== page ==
Doctors and non-medical experts alike have debated over the details for decades, with some researchers even fighting over whether it’s an actual syndrome. No matter how it's defined, or whether it's believable to some or not, it's evident that chemical sensitivity makes modern life incredibly challenging. We have the details on what it is, what it does and what you can do about it.
People with chemical sensitivities report symptoms of skin and respiratory tract irritation, fatigue, dizziness, joint pain, fever, nausea and more in response to exposure to certain triggers. Chemicals emitted by carpets, plastics, perfumes, paints and cigarette smoke are common culprits nut even walking down the street exposes all of us to hundreds of chemicals on any given day, so potential triggers number in the thousands. Some doctors believe chemical sensitivity is psychosomatic, while others believe they’ve found diagnostic markers. Let's dig into the debate and get the details on this controversial, yet devastating, syndrome.
Multiple chemical sensitivity (MCS) causes sufferers to experience uncomfortable, often debilitating, symptoms in response to low-level chemical exposures. Symptoms can affect the central nervous system, respiratory tract or gastrointestinal tract, with the most common symptoms including skin and respiratory tract irritation, fatigue, dizziness, joint pain, fever and nausea.
People with MCS will often learn to avoid chemical triggers, much to the detriment of their professional and social lives. In fact, one study found 97% of sufferers had stopped using chemical cleaners, 89% saw friends less often and 77% had quit their job. MCS also tends to prompt diet changes, suggesting some chemicals in foods may affect sufferers as well.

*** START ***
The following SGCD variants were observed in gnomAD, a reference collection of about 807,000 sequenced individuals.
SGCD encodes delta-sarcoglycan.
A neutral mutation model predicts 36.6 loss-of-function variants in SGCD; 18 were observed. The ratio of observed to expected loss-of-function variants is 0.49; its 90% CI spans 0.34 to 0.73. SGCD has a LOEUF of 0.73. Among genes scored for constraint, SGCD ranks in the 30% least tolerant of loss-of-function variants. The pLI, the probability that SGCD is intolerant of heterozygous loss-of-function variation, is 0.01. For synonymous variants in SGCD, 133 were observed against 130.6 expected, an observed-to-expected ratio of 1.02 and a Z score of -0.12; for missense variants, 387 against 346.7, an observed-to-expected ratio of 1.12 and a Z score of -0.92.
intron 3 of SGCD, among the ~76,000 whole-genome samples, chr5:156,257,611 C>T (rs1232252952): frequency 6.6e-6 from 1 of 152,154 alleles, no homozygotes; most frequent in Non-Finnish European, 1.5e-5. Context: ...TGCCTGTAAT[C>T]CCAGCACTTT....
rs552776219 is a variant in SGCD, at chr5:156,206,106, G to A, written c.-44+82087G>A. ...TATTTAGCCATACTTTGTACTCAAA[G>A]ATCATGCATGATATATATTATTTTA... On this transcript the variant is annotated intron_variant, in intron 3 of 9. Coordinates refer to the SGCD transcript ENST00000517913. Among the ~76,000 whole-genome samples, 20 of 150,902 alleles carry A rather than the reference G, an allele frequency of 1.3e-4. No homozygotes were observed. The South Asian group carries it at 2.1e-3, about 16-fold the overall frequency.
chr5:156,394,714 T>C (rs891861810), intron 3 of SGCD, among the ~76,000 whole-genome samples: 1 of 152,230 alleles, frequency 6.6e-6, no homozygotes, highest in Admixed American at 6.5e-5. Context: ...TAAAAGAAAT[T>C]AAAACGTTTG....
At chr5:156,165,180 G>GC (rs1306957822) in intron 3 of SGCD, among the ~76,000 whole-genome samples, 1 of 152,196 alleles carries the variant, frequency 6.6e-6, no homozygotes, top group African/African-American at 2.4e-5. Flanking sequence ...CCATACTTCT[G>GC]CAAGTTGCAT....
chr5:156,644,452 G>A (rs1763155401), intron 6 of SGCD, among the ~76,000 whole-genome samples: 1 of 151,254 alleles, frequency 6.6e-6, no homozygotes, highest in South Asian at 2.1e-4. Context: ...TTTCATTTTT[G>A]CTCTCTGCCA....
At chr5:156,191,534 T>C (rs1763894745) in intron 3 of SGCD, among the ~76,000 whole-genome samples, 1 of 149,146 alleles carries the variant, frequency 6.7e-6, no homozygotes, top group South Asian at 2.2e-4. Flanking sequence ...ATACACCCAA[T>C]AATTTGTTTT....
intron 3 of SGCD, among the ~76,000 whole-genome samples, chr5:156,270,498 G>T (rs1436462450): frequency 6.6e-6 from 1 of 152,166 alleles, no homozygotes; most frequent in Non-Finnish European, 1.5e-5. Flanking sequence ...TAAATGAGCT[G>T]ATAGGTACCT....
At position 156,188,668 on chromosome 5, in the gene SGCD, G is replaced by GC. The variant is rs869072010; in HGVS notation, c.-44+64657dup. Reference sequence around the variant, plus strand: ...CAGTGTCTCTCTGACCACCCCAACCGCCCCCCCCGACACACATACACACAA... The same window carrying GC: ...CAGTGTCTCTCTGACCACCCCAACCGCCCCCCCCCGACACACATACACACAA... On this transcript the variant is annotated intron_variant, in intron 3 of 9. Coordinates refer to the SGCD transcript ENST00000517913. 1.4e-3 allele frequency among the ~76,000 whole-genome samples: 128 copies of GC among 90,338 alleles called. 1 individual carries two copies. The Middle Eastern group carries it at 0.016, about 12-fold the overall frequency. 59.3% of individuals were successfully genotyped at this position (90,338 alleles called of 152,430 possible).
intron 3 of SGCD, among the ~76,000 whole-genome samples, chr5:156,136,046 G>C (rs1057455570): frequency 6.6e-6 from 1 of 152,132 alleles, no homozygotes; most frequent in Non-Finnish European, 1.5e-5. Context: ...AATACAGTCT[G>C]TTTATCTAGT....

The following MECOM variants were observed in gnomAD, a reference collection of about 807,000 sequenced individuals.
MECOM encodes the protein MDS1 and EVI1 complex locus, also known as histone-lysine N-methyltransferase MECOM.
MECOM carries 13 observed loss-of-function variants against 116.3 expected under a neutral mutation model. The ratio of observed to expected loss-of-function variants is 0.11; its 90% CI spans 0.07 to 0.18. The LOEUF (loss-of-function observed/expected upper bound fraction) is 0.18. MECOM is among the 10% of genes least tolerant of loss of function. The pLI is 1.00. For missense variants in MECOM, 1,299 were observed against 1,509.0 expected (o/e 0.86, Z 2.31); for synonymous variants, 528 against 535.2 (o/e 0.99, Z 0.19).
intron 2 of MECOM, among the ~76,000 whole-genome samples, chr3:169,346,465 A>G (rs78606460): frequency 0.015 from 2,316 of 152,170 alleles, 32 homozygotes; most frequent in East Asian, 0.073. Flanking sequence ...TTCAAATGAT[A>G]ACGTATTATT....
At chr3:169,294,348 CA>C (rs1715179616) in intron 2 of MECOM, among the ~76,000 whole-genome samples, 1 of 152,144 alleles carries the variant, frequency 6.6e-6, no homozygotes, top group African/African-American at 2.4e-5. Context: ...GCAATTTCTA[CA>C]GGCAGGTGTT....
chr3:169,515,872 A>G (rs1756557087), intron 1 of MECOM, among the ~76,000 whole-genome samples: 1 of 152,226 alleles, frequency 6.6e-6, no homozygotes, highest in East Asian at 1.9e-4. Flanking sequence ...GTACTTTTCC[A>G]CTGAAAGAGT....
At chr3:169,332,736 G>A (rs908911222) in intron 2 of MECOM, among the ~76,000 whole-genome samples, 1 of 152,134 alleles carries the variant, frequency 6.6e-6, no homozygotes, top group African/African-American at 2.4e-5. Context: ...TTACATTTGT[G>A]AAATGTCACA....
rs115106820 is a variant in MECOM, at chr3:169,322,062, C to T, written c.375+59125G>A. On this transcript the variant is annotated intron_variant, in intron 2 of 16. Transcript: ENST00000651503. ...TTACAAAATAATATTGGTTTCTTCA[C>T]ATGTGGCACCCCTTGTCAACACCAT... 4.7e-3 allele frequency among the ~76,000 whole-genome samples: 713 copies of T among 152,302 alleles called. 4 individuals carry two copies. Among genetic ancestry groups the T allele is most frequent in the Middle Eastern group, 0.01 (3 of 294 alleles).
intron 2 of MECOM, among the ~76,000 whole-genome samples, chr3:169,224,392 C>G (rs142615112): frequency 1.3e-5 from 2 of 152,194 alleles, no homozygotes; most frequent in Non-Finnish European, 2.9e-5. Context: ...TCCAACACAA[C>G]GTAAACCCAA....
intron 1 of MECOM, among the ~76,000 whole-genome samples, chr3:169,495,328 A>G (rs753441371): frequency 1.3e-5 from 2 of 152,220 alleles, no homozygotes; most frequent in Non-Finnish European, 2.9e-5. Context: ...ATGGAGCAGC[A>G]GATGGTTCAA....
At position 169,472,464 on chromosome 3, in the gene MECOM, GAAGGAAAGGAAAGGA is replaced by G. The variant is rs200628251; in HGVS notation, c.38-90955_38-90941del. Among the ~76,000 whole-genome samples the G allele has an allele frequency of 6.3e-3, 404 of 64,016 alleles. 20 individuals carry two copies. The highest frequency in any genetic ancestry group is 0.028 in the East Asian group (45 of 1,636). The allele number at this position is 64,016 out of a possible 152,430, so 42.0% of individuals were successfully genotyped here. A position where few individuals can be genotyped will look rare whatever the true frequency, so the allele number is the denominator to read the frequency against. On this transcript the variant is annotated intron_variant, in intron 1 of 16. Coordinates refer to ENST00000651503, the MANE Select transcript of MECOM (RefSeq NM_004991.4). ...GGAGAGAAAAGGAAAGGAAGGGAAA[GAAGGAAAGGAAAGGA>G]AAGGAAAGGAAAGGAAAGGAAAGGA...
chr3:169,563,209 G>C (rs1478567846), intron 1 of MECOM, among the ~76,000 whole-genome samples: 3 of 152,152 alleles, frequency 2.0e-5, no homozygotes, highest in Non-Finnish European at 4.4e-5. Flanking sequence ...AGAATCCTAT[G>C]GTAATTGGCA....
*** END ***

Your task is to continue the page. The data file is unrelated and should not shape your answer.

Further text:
Up to 90% of people with MCS are women between 30 and 50 years old, but other factors can also come into play:
Common triggers include chemicals emitted by carpets, plastics, perfumes, paints and cigarette smoke.
Researchers still haven’t reached a consensus over why some people react more severely than others when exposed to everyday compounds. Many doctors accept that MCS is a physical illness caused by extreme reactions to chemicals and other environmental triggers. Others believe the illness is more psychological in nature. This may be because anxiety, often associated with psychosomatic illness, is a huge risk factor for MCS. But anxiety and asthma also have an undeniable connection, one that might lend to understanding some of the mechanisms at play with MCS.
Even more important, though, some researchers believe they’ve found diagnostic markers. They advise doctors to perform a series of seven examinations on patients they suspect may have MCS:
Abnormal results in at least four of the above suggest an MCS diagnosis.
Researchers believe symptom management, not chemical elimination, should be the goal for treatment. Sufferers may be able to improve their quality of life using treatments to reduce symptoms, trigger desensitization and as a result may gradually increase daily activity. Treatment for anxiety may also help to reduce the mental and emotional impact of this condition.
We live in a world rife with chemicals, many of which we still overuse and underestimate. Some of them could even be slowly poisoning us. People with MCS could be canaries in the coal mines. But until we know more, if you’re sick and can’t figure out why it may help to consider talking to a doctor about the possibility that MCS could be to blame. Treatment options do exist — and an understanding doctor may be able to help.
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